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Tucson, Ariz. wraps up Brownfields site cleanup, removes 1,000 pounds of gasoline

Release Date: 12/12/2005
Contact Information: Wendy L. Chavez, (415) 947-4248

SAN FRANCISCO -- At a ceremony today, Tucson Mayor Robert Walkup and U.S. Environmental Protection Agency Waste Management Director Jeff Scott officially marked the completion of the cleanup of petroleum soil contamination by shutting off the environmental cleanup system at the 35 E. Toole Ave. Brownfields site.

In 2003, the EPA gave the city of Tucson a $200,000 Brownfields cleanup grant for the petroleum contaminated property located in Tucson's Historic Warehouse District. The cleanup system, which has been operating since September 2005, has removed approximately 1,000 pounds of gasoline compounds.

"Thanks to the EPA's Brownfields program, properties that have been undeveloped due to possible contamination - such as those in Tucson - can be revitalized," said Jeff Scott, the EPA's Waste Management Division director for the Pacific Southwest region. "The EPA's Brownfield's Program yields positive results by bringing new life to under-utilized properties all across America."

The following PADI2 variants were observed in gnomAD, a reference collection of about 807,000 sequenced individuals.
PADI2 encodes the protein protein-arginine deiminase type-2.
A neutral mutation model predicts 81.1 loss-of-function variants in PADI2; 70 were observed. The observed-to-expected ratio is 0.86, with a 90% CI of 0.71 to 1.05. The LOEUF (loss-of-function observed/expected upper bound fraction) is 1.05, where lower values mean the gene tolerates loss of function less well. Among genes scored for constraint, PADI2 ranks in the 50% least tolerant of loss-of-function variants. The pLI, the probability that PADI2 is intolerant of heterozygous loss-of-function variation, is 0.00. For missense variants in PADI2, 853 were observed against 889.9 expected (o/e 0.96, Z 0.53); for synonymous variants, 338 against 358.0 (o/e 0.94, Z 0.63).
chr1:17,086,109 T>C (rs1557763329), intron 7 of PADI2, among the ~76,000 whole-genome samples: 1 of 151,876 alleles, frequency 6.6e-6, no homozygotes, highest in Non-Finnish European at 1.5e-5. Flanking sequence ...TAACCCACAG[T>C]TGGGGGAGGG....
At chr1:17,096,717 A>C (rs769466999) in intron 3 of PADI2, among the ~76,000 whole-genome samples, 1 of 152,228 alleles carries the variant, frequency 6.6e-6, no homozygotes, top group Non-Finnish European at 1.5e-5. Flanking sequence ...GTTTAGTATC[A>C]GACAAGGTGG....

"Thanks to this EPA Brownfields Cleanup grant we can remediate this site and revitalize a part of Tucson's Historic Warehouse Arts District," said Tucson Mayor Robert Walker. "Partnerships between the City and the EPA and between the City and the Warehouse Arts District are making downtown a cleaner and better place for the Tucson arts community to thrive."

"This has been a wonderful cooperative effort between the staffs from EPA, City of Tucson and the State's Voluntary Remediation Program," said Francis LaSala, environmental manager for the city of Tucson. "It's rewarding to see that three levels of government can work together with limited funding and in a relatively short time frame to cleanup this property."

In 1993-1994, several underground storage tanks containing petroleum-based products, primarily gasoline, were removed from the site revealing petroleum contamination. The city used the EPA grant funds to design and install a cleanup system to remove and destroy the gasoline contamination.
The city is one of the EPA's most successful Brownfields partners, receiving EPA grants totaling more than $2 million.

For more information on the EPA's Brownfields program, visit:

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